Table of Contents
Lung Cancer International
Volume 2014, Article ID 721087, 9 pages
http://dx.doi.org/10.1155/2014/721087
Review Article

Alveolar Macrophage Polarisation in Lung Cancer

1Cancer & Tissue Repair Laboratory, RMIT University, Bundoora, VIC 3083, Australia
2Applied Medical Sciences College, Qassim University, Buraidah 51452, Saudi Arabia
3Institute for Breathing & Sleep, Austin Health, Heidelberg, VIC 3084, Australia
4School of Medical Sciences, RMIT University, P.O. Box 71, Bundoora, VIC 3083, Australia

Received 18 February 2014; Accepted 11 April 2014; Published 8 May 2014

Academic Editor: Kosei Yasumoto

Copyright © 2014 Saleh A. Almatroodi et al. This is an open access article distributed under the Creative Commons Attribution License, which permits unrestricted use, distribution, and reproduction in any medium, provided the original work is properly cited.

Abstract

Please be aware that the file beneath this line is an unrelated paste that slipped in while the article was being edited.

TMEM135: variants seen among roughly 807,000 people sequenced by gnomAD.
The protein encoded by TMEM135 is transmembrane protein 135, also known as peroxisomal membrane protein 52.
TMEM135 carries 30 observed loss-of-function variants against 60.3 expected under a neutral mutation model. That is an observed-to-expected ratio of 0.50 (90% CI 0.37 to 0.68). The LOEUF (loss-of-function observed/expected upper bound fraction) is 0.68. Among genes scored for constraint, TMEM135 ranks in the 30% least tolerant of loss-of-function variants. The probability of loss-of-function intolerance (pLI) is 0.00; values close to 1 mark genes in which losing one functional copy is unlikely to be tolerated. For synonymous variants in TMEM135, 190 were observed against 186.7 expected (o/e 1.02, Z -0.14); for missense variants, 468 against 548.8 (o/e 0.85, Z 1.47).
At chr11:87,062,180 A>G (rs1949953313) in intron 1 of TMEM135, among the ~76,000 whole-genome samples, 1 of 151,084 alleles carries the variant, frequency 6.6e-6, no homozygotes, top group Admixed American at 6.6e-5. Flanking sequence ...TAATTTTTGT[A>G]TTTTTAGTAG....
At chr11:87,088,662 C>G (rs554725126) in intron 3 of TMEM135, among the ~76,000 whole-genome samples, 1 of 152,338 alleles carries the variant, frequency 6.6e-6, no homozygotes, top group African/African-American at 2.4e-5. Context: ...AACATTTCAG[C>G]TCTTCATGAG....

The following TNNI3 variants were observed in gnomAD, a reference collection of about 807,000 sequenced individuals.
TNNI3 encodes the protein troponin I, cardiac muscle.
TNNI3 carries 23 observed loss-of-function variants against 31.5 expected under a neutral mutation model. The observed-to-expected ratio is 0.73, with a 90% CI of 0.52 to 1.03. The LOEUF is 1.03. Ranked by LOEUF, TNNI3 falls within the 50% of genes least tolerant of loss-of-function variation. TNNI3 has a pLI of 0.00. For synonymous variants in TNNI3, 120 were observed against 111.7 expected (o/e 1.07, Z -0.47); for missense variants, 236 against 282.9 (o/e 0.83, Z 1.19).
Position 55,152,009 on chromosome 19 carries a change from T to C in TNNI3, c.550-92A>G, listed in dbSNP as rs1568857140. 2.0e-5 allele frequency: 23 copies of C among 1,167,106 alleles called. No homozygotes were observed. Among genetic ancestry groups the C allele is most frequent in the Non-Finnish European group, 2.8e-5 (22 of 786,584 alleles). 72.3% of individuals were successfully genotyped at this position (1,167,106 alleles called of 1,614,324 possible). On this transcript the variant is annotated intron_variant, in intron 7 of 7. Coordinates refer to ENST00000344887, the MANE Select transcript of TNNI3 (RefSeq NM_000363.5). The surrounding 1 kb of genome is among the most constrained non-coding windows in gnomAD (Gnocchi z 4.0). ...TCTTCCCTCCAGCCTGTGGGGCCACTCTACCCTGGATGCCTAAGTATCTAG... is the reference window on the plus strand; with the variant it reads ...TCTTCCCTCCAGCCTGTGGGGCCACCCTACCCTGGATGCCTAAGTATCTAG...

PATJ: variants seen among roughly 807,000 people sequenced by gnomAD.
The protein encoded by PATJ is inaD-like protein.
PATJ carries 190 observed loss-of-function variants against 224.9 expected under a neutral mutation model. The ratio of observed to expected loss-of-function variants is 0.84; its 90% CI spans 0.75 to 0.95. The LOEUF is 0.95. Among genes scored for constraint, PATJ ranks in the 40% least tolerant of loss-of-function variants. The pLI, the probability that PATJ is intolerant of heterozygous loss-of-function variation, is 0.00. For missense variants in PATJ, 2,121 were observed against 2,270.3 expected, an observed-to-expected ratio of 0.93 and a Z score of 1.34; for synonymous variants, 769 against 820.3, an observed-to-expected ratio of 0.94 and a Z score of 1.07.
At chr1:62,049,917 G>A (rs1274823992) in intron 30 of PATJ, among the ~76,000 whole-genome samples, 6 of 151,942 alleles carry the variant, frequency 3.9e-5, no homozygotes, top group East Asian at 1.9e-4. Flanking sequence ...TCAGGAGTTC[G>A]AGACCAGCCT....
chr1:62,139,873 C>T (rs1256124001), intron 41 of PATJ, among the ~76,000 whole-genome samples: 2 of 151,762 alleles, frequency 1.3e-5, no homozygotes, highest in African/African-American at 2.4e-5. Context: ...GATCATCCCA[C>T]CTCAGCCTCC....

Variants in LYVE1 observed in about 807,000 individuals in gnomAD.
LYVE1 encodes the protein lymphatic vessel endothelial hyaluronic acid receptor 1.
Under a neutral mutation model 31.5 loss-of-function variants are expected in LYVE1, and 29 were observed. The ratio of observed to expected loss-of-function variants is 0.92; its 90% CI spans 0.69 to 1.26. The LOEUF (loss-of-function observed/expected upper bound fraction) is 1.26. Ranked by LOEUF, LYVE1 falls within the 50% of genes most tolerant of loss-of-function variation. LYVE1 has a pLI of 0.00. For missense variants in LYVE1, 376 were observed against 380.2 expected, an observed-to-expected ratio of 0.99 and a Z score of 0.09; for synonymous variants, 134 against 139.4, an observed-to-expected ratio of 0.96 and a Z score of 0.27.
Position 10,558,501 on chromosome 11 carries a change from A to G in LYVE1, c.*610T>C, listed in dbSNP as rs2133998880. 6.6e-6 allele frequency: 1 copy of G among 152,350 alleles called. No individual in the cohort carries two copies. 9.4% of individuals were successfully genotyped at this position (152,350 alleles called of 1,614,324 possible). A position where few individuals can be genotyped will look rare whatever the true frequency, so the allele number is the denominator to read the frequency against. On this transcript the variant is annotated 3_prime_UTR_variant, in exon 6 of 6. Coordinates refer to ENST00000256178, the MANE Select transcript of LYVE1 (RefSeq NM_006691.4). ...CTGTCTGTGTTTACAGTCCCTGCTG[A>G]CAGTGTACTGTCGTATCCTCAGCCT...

The role of alveolar macrophages in lung cancer is multifaceted and conflicting. Alveolar macrophage secretion of proinflammatory cytokines has been found to enhance antitumour functions, cytostasis (inhibition of tumour growth), and cytotoxicity (macrophage-mediated killing). In contrast, protumour functions of alveolar macrophages in lung cancer have also been indicated. Inhibition of antitumour function via secretion of the anti-inflammatory cytokine IL-10 as well as reduced secretion of proinflammatory cytokines and reduction of mannose receptor expression on alveolar macrophages may contribute to lung cancer progression and metastasis. Alveolar macrophages have also been found to contribute to angiogenesis and tumour growth via the secretion of IL-8 and VEGF. This paper reviews the evidence for a dual role of alveolar macrophages in lung cancer progression.